Rio Ferdinand has expressed his shock over allegations that he and his brother Anton were the subject of racist songs by England supporters during last week's World Cup qualifier in San Marino, although the Football Association said today it has yet to find any "recorded evidence" of such chants.
Fare, Europe football's anti-racist watchdog, has submitted a report to Fifa over the behaviour of a section of England fans last Friday. Fifa will decide next week whether the FA face any charges over the chants, which are alleged to have included an offensive song about the Ferdinand brothers being burnt on a bonfire.
Ferdinand published two tweets today. The first said: "You expect and accept banter from fans on the terraces as it's part of what makes the game great but racism is not banter...and from your own fans? WOW."
The second added: "Always a small minority who ruin it for others. Let's not jump to conclusions and assume though as it might just have been banter. We'll see after the investigation."
Fifa's investigation will be completed next week but in the meantime the FA has reviewed its coverage of the match. Adrian Bevington, managing director of Club England, the section of the FA that deals with the national side, said: "While we have no reason to dispute the media reports which are without doubt made for the right reasons of fighting racism, at this time we have not found any recorded evidence of the specific discriminatory chanting referring to Rio and Anton Ferdinand and the vile 'bonfire' song."
The FA had security officers at the game to monitor England supporters. Fare's report was compiled on evidence of people at the match rather than their own observers.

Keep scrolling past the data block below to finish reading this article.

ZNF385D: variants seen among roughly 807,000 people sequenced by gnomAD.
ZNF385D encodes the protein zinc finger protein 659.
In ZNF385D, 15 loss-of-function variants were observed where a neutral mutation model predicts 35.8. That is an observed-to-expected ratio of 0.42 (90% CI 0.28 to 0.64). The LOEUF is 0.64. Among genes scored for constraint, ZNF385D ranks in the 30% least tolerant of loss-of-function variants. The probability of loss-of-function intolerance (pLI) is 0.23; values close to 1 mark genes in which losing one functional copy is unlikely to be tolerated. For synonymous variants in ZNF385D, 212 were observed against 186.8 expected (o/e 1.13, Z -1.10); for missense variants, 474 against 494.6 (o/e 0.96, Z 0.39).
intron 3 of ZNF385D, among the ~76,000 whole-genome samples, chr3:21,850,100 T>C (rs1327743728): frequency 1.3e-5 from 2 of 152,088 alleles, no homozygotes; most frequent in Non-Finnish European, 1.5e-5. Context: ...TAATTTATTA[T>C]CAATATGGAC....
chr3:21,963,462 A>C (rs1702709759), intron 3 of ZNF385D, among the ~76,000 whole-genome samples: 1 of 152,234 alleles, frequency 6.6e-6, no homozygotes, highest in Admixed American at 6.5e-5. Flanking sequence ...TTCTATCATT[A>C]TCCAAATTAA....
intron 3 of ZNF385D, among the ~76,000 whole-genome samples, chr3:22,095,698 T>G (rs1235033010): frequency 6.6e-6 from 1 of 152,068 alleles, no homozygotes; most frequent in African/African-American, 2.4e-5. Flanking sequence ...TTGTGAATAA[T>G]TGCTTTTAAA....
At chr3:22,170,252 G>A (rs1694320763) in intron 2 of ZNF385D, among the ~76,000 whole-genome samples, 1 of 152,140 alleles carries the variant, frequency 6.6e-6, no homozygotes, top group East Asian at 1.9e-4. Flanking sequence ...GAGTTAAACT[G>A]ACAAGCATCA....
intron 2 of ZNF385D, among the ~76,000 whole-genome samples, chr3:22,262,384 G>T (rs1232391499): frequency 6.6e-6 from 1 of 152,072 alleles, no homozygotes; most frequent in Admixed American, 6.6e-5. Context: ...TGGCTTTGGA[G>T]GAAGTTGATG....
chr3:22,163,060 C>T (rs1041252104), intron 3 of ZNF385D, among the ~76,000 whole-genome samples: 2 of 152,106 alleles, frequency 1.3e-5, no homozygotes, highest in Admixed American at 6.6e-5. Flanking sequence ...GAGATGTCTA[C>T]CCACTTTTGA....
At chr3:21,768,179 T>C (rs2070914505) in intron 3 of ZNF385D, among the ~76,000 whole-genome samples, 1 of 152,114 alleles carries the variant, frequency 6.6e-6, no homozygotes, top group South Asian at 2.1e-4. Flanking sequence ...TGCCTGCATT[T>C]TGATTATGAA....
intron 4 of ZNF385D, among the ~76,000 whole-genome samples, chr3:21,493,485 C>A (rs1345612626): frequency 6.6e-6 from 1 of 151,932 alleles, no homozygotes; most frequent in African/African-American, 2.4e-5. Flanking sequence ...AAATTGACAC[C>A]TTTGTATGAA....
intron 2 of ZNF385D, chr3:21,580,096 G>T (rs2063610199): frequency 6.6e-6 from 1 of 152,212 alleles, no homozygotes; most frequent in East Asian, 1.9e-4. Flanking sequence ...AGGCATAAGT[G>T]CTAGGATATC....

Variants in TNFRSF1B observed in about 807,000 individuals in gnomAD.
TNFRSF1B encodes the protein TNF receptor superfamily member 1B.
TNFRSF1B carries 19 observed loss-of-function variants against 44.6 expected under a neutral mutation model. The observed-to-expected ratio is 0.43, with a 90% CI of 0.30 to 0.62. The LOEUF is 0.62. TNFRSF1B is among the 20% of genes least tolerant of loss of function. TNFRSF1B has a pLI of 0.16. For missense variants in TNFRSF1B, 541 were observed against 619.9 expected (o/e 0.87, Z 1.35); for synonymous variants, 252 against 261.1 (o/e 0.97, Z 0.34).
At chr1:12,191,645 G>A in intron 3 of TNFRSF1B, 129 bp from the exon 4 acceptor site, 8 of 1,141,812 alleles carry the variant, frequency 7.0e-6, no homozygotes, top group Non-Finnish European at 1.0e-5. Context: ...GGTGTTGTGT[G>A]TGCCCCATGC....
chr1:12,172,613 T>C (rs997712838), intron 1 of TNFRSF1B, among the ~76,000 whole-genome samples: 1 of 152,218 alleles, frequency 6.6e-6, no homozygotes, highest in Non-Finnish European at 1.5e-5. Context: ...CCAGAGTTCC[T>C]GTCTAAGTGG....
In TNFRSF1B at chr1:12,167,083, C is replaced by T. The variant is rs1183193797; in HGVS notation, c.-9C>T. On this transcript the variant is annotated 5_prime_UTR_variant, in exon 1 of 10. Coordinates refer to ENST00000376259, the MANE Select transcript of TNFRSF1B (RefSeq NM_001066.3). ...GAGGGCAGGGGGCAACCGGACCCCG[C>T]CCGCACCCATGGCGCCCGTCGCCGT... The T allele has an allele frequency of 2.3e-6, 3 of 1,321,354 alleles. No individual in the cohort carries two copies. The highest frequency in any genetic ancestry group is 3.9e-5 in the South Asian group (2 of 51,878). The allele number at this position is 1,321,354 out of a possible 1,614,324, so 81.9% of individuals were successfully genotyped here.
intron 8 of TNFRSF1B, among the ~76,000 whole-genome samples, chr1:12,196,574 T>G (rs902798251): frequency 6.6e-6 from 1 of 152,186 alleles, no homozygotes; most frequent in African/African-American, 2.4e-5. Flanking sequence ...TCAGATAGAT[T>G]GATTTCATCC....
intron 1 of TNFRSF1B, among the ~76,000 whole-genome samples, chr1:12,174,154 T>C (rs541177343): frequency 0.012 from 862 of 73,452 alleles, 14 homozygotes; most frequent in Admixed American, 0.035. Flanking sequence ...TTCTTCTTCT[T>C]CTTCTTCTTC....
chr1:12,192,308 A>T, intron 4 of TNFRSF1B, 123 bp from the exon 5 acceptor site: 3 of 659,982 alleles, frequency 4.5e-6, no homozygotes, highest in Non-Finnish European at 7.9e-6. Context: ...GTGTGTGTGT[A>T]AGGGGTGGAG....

"We recognise the importance of Fare's responsibility to report any incidents," said Bevington. "We will liaise with Fifa and assist any investigation. Should evidence of any racial chanting be found, we would expect action to be taken against any individuals. We do not want supporters who chant vile or racist abuse following the England team."
It was the fact that Fare compiled their report on the strength of other witnesses that the Football Supporters' Federation felt was "dangerous".
FSF spokesman Kevin Miles said: "The idea that England fans should be reported for what is effectively hearsay is dangerous."
If Fifa decide there is a case to answer it would first be the FA, rather than individuals, held accountable with the ultimate sanction being England having to play a match behind closed doors. Bevington added: "We will not accept any racist chanting and we also call on those attending England matches to stop the 'No Surrender' chanting during the singing of the national anthem."
Lord Ouseley, chair of Kick It Out, today discussed the allegations with David Bernstein, the FA chairman. Ouseley said: "Whether it's racist or not, it's certainly unacceptable. It's vile and it shouldn't be part of sport. What messages does it send out about the type of people we are and who we represent?"Reuse content